Over 2,600 detainees have been treated for scabies in an eradication campaign run by the Malian prison authorities, with the support of the ICRC, in the prisons of Sikasso, Kati and Bamako.
“During our most recent prison visits, we realized that scabies was a real problem,” said Ishukwe N’sindi, ICRC doctor. “Some inmates were covered in a rash from head to toe and complaining of skin irritation.”
Overcrowding makes prisons a prime breeding ground for certain diseases, especially skin infections, giving reason to focus scabies eradication efforts in these facilities more than elsewhere.
“More and more inmates were complaining of skin problems,” said Ali Diakité, director of Sikasso prison, in southern Mali. “So the authorities decided that we should treat everyone, including the prison staff. Buildings, clothing and the inmates’ bedding were also disinfected. The health-care centre in Sikasso and the ICRC were a great help in this task.”
The ICRC works in close cooperation with the detaining authorities and the National Health Directorate to improve detainees’ access to health care. Measures include ensuring that inmates undergo a medical examination when they first arrive, improving inmates’ access to health-care providers and stocking prison infirmaries with the necessary medicines.
Visiting people deprived of their liberty
In 2013, the ICRC visited more than 3,500 people held in police stations and in the detention centres of Bamako, Kati, Koulikoro, Sikasso, Sévaré, Timbuktu and Gao. These visits were taking place even before conflict broke out in the north, but were formalized with the signing of an agreement with the Malian government in April 2013. The agreement grants the ICRC permission to visit all places of detention and all detainees.
“When we visit a prison, our aim is to ensure that the conditions of detention for all inmates meet internationally recognized standards,” said Christoph Luedi, head of the ICRC delegation in Mali. “Whatever the reason for their incarceration, they have the right to be treated with humanity. Their physical and mental well-being must be upheld and their basic needs met.”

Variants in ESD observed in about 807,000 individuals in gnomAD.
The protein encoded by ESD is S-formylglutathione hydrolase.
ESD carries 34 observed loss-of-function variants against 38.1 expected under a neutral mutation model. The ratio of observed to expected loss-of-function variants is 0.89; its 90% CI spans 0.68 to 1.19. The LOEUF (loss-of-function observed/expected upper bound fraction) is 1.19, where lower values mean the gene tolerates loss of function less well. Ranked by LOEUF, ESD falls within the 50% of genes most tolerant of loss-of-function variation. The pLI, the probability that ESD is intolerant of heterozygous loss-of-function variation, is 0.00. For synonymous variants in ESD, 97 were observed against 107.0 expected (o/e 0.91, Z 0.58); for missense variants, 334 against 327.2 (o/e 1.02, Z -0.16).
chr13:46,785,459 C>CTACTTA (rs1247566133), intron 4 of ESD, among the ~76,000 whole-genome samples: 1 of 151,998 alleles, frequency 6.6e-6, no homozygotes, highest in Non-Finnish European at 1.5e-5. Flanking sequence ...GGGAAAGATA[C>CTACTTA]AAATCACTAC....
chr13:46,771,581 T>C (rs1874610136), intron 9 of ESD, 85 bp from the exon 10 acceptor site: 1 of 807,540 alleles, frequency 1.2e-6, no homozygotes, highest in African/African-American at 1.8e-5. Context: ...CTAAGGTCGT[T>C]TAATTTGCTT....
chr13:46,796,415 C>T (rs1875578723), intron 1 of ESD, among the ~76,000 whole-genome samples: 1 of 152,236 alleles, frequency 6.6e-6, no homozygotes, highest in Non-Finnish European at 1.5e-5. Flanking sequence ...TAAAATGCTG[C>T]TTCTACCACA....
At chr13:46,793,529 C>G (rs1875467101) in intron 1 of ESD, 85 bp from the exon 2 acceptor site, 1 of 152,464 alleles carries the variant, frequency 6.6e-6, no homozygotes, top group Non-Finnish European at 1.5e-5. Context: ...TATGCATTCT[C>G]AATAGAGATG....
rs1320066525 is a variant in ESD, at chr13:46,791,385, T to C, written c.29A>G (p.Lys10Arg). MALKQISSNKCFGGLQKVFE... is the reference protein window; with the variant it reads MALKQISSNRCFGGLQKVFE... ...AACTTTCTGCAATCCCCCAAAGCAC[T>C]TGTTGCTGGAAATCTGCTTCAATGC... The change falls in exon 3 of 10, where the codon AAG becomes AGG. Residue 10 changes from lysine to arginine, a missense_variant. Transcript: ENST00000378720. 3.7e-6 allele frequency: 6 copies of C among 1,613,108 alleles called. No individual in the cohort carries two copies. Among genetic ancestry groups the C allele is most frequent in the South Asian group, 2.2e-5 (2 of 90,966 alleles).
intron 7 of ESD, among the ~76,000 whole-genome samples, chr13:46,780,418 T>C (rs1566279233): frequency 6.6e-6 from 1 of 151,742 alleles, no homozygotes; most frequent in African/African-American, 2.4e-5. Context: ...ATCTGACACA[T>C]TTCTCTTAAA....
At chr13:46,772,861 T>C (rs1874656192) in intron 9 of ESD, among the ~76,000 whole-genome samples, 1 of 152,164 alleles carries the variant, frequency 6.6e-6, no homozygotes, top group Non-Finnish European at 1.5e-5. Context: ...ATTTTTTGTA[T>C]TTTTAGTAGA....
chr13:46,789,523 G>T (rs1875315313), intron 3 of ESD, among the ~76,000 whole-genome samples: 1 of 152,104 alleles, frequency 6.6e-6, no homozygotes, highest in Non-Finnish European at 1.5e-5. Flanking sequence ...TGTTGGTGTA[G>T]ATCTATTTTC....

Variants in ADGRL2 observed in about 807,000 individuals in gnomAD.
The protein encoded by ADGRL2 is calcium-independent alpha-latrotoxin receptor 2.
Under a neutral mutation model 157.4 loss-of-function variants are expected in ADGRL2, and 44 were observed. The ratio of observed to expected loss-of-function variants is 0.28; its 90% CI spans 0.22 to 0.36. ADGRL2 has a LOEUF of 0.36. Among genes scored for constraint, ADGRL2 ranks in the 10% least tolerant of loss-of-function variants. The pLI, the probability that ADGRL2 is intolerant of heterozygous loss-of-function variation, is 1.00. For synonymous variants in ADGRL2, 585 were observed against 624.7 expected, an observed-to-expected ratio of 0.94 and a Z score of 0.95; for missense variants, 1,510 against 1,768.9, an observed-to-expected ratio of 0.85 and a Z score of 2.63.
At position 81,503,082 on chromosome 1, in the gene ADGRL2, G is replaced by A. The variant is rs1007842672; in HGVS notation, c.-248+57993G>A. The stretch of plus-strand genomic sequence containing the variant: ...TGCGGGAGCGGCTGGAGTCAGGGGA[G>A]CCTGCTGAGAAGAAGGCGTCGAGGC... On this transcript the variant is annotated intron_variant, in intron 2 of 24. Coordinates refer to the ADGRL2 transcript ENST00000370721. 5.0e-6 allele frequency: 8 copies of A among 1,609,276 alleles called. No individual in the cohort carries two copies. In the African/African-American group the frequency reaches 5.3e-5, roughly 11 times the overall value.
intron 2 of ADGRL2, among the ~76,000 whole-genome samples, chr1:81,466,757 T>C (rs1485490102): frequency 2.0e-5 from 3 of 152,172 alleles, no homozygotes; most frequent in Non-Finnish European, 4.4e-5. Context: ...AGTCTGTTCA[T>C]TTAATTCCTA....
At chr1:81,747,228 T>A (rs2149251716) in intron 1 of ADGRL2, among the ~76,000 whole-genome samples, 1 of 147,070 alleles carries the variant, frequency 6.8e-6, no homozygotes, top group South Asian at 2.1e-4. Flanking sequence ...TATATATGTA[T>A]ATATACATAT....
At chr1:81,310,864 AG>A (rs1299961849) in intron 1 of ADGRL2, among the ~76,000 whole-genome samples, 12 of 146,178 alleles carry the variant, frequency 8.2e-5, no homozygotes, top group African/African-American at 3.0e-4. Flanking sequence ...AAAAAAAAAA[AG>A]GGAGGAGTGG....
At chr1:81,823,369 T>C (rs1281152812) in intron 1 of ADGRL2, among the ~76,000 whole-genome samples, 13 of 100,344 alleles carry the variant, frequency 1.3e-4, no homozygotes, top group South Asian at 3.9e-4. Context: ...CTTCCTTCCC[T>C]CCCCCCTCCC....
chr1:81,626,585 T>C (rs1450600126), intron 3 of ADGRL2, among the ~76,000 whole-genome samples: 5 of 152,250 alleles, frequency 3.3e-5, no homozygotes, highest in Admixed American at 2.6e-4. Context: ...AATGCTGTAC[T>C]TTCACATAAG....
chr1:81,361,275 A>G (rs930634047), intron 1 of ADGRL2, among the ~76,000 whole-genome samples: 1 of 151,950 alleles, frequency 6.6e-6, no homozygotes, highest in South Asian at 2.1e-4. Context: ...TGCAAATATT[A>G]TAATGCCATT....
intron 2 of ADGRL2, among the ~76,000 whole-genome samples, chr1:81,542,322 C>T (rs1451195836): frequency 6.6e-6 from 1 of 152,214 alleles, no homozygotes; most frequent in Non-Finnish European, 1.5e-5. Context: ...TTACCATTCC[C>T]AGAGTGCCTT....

During these visits, ICRC delegates meet with the prison authorities and then with the inmates, one by one and in private, to assess their treatment and conditions of detention. They see all detainees, but especially monitor those arrested in connection with the conflict.
Restoring family links
The ICRC offers inmates the possibility of contacting their loved ones by telephone or through short Red Cross messages, containing family news only.
“In this vast country, people are sometimes imprisoned far from home,” said Mamadou Cellou Bah, the ICRC delegate in charge of this programme. “Contacting their families can help them to break their isolation and bring them closer to their loved ones, from whom some have been separated for a long time.”
In 2013, volunteers from the Mali Red Cross facilitated the exchange of 130 Red Cross messages and 170 telephone calls were made between inmates and their families.
Dialogue with the detaining authorities
In line with its usual practice, the ICRC submits a confidential report to the detaining authority containing its findings and recommendations.
Regular and constructive exchanges with the National Directorate of Penitentiary Administration and Supervised Education enable the coordination of efforts to improve conditions of detention.
The ICRC also supports the authorities in improving prison infrastructure, such as building latrines, kitchens and water-storage facilities, and in distributing hygiene products to detainees.